Contrast that with a private sector broadcaster. A performance such as that of the BBC would result in reduced access to funds, another way of saying that funds would gravitate from the company that failed to satisfy viewer needs and wants to those that succeed in doing so. Economists call this the more efficient allocation of capital.
As I have already pointed out, privatisation was a necessary but not sufficient condition for the attainment of these gains. True, as a matter of theory some of the advantages of privatisation– reliance on capital markets, creation of incentives for managerial and worker efficiency — might be obtained within the nationalised structure. But history suggests that these advantages were not often achievable in practice, although where competition was introduced nationalised companies did respond by becoming more efficient.17 And the history of these companies since they entered the private sector encourages the belief that privatisation was indeed a key factor, if for no other reason than it set the stage for a more competitive or more effectively regulated industrial environment.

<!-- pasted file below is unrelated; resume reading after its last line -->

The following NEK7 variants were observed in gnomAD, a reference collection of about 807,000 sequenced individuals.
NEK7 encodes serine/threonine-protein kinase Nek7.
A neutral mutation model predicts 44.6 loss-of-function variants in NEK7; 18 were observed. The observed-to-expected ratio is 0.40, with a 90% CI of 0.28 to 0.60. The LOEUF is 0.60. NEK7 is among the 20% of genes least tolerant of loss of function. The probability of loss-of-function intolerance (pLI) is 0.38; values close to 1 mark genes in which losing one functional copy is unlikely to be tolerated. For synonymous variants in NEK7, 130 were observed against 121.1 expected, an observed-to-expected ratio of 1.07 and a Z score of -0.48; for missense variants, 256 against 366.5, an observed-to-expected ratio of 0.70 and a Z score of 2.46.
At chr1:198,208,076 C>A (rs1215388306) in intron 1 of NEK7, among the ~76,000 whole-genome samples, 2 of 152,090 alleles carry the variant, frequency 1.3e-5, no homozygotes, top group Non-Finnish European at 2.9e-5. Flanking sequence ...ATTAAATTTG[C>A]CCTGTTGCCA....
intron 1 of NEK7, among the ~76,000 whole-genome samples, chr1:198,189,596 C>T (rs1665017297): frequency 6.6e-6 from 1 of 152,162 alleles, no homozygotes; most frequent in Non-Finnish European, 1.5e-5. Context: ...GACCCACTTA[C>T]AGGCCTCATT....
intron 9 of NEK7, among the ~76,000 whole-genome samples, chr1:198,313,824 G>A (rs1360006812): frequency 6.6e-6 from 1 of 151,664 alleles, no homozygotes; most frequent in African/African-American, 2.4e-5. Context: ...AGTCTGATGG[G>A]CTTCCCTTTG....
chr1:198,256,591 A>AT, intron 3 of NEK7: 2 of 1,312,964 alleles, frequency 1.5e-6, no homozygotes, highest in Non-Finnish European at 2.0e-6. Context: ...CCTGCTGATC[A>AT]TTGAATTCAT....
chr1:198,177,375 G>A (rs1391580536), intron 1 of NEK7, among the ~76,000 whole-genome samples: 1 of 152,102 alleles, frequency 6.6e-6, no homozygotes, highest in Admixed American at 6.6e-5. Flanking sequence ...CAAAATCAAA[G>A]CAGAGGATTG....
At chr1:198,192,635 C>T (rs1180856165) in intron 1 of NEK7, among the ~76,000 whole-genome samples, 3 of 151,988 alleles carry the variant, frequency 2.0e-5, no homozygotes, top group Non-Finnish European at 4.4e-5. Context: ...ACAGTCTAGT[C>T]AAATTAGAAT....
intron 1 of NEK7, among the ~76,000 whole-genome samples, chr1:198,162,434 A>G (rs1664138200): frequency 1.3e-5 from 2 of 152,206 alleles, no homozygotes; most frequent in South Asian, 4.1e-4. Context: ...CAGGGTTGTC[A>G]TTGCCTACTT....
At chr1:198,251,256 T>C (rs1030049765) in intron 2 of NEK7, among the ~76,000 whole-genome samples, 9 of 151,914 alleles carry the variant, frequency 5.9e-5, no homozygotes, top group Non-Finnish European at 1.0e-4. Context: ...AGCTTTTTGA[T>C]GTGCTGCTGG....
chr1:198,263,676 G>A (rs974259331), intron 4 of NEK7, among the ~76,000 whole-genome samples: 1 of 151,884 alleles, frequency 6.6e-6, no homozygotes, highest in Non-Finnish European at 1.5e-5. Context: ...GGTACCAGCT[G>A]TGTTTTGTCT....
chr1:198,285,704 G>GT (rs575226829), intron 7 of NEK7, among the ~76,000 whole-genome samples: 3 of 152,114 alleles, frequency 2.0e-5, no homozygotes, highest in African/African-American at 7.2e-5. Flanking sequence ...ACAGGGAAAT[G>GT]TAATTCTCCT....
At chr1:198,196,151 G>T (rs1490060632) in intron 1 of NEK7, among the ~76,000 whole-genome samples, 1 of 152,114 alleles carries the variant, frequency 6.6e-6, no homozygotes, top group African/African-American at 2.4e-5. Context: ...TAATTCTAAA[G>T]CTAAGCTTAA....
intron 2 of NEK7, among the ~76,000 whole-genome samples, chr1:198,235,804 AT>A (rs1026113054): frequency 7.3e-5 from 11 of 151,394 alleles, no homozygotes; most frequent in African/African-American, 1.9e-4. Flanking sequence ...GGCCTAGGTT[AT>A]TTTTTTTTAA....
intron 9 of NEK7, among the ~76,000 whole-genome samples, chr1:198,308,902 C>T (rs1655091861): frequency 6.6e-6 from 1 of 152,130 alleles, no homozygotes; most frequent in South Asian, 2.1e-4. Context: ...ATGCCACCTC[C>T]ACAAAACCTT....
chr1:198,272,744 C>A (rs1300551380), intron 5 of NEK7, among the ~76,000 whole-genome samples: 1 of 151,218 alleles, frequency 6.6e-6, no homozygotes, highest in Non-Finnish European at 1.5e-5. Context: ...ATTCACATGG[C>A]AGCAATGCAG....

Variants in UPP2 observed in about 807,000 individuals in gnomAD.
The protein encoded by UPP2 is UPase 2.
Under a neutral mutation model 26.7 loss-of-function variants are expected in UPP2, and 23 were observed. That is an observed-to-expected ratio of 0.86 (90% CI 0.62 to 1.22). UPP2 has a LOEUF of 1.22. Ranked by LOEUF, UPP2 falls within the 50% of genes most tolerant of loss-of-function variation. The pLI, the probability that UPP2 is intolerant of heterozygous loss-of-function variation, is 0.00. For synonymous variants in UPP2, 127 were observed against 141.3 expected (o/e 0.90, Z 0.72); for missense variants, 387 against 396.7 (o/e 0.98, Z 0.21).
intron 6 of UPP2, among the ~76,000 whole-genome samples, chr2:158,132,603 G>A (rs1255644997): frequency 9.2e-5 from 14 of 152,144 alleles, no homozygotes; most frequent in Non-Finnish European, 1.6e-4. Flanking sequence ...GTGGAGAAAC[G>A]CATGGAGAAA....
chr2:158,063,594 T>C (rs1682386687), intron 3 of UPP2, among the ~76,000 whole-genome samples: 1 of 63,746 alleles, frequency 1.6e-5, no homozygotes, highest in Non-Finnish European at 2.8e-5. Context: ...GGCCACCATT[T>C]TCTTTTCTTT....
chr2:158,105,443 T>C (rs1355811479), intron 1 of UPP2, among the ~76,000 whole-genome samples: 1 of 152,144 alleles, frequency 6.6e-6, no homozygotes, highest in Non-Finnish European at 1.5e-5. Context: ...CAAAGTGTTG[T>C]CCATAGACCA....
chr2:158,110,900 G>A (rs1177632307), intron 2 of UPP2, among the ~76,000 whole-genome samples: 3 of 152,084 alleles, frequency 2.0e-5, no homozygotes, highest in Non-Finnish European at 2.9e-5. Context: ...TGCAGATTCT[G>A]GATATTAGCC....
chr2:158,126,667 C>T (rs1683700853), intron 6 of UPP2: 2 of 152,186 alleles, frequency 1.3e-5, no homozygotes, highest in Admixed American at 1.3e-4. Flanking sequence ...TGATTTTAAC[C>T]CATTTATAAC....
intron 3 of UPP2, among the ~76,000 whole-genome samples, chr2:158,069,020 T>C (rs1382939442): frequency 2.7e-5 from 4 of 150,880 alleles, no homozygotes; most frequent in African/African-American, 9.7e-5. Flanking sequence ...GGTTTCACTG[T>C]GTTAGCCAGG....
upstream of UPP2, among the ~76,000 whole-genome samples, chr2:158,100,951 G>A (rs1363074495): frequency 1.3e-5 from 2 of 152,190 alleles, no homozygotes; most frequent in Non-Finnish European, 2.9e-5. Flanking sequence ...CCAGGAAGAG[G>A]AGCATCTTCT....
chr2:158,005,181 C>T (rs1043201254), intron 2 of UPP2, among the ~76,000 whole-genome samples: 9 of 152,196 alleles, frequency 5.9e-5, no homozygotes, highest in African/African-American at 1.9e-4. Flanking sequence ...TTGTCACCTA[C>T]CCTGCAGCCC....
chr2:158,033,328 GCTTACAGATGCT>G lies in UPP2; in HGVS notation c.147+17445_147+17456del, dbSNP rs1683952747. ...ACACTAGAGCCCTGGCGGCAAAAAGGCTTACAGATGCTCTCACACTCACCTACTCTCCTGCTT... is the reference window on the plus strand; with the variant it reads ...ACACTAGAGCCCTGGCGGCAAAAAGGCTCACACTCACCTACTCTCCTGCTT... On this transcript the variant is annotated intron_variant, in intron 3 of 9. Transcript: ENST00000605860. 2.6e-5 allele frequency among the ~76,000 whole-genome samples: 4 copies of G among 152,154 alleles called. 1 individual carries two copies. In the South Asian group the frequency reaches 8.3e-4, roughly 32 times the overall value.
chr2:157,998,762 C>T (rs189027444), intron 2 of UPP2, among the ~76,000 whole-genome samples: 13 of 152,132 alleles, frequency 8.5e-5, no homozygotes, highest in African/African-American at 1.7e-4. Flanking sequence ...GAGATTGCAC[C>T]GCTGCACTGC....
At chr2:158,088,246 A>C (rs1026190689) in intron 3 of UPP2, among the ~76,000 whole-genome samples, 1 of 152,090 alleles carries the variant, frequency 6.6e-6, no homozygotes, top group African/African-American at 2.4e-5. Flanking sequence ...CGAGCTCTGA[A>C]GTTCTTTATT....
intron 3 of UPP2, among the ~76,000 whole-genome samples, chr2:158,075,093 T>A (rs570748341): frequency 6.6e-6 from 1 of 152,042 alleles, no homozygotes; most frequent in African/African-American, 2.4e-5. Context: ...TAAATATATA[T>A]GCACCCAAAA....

Which brings me to the next phase of this paper. I would like to take the few remaining minutes to appraise the way in which regulation and competition have developed in the industries that were once state-owned. This appraisal starts with a bias, and proceeds to a set of impressions — no claim is made for the systematic or scientific nature of what follows.